Twitter must have been in a tight spot to agree to the demands of the Turkish government
Twitter and Turkey just can’t seem to get along at all these days. After being banned for several weeks and being threatened with tax fraud investigation, the two seem to be finally reaching some common ground.Now, a common statement from Twitter and the Turkish government reveals that they have reached an understanding that was most likely forced onto the social network since it involves censoring user content, something that Twitter hates with a passion.
“We have reached a consensus to ‘neutralize’ malicious content that is the object of court decisions by pixelating,” said Lütfi Elvan, Turkish communications minister.
He didn’t exactly explain what he meant through “pixelating,” although that’s usually a term used to apply a mosaic-like player over the portions that one wants to censor.
He also didn’t expand on what exactly they considered “malicious content,” although the list could include messages featuring links to anti-governmental articles or compromising videos.
The entire situation is ridiculous, but it was clear that Twitter was given an ultimatum – have the entire service banned in Turkey or agree to a bit of local censorship. Even so, the situation is ridiculous and goes against the basic human right of freedom of speech and access to information. By prohibiting users from accessing vital content, the government gains more control over the population.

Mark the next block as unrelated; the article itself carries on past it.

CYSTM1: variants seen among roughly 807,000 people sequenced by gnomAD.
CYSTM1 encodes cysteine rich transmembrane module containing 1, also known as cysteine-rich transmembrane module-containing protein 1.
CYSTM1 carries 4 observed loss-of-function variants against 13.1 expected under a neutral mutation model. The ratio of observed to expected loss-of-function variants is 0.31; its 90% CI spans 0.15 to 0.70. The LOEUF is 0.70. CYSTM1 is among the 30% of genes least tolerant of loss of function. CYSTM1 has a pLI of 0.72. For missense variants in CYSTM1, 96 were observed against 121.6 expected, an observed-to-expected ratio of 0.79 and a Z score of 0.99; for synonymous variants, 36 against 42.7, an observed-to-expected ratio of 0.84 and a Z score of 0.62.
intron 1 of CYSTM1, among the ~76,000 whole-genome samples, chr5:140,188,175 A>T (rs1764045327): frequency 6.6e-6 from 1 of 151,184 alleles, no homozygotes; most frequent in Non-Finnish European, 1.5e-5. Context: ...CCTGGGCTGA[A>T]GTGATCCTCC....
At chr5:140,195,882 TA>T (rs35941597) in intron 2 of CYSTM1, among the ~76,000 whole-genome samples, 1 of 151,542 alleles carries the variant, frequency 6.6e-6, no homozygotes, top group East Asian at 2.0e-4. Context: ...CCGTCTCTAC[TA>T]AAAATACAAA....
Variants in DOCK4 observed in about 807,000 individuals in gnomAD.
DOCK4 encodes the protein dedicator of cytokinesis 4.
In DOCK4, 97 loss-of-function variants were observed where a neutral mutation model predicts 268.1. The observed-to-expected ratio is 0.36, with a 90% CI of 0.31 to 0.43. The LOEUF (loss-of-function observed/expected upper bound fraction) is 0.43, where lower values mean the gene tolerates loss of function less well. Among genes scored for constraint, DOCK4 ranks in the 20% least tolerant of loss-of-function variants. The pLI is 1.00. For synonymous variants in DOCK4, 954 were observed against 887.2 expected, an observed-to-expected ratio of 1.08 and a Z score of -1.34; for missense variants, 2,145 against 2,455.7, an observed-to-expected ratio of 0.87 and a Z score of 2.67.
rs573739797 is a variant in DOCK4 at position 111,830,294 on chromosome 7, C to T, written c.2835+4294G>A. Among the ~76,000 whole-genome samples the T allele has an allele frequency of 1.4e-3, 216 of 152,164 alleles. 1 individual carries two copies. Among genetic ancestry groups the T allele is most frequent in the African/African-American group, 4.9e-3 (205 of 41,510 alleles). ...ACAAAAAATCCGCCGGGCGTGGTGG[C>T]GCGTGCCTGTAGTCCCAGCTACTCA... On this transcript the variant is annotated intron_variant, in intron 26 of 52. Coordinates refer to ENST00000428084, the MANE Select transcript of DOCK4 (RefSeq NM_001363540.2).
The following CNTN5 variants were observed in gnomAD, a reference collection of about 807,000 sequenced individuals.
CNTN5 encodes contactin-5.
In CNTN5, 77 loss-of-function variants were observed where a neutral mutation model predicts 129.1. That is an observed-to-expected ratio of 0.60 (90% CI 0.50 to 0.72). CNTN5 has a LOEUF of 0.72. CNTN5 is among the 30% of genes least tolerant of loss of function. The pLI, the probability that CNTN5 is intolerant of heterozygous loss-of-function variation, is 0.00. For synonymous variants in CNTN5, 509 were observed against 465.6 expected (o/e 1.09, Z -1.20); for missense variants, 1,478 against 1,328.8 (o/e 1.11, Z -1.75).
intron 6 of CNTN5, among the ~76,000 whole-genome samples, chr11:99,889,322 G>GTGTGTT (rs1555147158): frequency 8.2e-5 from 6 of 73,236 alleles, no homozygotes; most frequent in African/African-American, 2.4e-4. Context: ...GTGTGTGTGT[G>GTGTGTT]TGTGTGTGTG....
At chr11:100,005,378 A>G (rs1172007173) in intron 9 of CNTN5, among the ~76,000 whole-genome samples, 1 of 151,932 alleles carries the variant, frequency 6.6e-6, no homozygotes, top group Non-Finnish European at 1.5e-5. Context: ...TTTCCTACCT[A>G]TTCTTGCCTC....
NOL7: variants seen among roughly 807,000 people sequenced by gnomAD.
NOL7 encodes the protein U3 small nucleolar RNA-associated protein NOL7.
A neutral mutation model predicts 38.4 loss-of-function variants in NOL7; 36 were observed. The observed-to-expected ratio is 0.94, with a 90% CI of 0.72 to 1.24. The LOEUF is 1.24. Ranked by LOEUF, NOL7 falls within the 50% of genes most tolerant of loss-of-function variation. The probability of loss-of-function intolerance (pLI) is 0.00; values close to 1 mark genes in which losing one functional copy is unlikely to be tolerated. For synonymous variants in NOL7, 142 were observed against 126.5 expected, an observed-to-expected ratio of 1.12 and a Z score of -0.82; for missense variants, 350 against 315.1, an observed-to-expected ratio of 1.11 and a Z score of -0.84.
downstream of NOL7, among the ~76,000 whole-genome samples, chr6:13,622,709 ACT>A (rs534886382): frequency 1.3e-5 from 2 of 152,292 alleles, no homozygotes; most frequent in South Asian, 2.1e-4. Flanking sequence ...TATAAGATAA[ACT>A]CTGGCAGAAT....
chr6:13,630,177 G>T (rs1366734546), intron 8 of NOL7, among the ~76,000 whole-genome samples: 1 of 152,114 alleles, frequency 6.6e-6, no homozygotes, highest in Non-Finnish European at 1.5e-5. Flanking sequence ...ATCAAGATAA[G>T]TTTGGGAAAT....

The decision was apparently made during a series of meetings between the Turkish telecommunication authority (TIB) and Twitter’s execs. The company has reportedly also given people over at the TIB the power to flag posts and accounts that they want censored as soon as possible, after also deleting over 200 tweets deemed as offending.
“During the meeting, the opening of a liaison office in Turkey to ensure closer coordination, as well as the conferring of authority for ‘super tagging’ to Turkey’s telecommunication directorate [TİB] was discussed. But Twitter executives said they would not immediately decide on these issues and could reconvene after assessing it in a meeting at their headquarters,” Elvan said in a statement.
Twitter was blocked for several weeks after the Turkish Prime Minister Tayyip Erdogan promised to wipe out the service. This happened as compromising material featuring government officials appeared online, including on Twitter, just ahead of the local elections.
The Constitutional Court said that the move was violating basic human rights and ordered the government to lift the ban, which it did later that day. Even so, Erdogan said he had no respect for the decision, even if the government did comply.